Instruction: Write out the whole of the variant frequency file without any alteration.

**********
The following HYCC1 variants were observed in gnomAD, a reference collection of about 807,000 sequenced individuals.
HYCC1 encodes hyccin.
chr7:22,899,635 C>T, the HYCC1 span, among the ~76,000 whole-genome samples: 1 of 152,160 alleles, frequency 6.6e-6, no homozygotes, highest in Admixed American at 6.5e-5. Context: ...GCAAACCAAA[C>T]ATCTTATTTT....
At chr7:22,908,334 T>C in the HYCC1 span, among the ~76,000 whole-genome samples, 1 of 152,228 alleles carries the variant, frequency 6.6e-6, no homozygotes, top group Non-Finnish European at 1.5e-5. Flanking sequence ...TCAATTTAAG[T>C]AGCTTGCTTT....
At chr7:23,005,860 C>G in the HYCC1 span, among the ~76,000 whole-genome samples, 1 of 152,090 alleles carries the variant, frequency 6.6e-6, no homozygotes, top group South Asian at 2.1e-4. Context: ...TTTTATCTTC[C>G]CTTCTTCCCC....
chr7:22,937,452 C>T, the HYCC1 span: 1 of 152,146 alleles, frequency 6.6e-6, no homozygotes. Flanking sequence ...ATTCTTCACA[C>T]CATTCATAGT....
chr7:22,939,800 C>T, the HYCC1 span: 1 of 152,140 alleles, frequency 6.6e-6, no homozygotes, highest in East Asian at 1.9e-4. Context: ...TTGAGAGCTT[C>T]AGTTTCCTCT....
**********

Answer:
The following HYCC1 variants were observed in gnomAD, a reference collection of about 807,000 sequenced individuals.
HYCC1 encodes hyccin.
chr7:22,899,635 C>T, the HYCC1 span, among the ~76,000 whole-genome samples: 1 of 152,160 alleles, frequency 6.6e-6, no homozygotes, highest in Admixed American at 6.5e-5. Context: ...GCAAACCAAA[C>T]ATCTTATTTT....
At chr7:22,908,334 T>C in the HYCC1 span, among the ~76,000 whole-genome samples, 1 of 152,228 alleles carries the variant, frequency 6.6e-6, no homozygotes, top group Non-Finnish European at 1.5e-5. Flanking sequence ...TCAATTTAAG[T>C]AGCTTGCTTT....
At chr7:23,005,860 C>G in the HYCC1 span, among the ~76,000 whole-genome samples, 1 of 152,090 alleles carries the variant, frequency 6.6e-6, no homozygotes, top group South Asian at 2.1e-4. Context: ...TTTTATCTTC[C>G]CTTCTTCCCC....
chr7:22,937,452 C>T, the HYCC1 span: 1 of 152,146 alleles, frequency 6.6e-6, no homozygotes. Flanking sequence ...ATTCTTCACA[C>T]CATTCATAGT....
chr7:22,939,800 C>T, the HYCC1 span: 1 of 152,140 alleles, frequency 6.6e-6, no homozygotes, highest in East Asian at 1.9e-4. Context: ...TTGAGAGCTT[C>T]AGTTTCCTCT....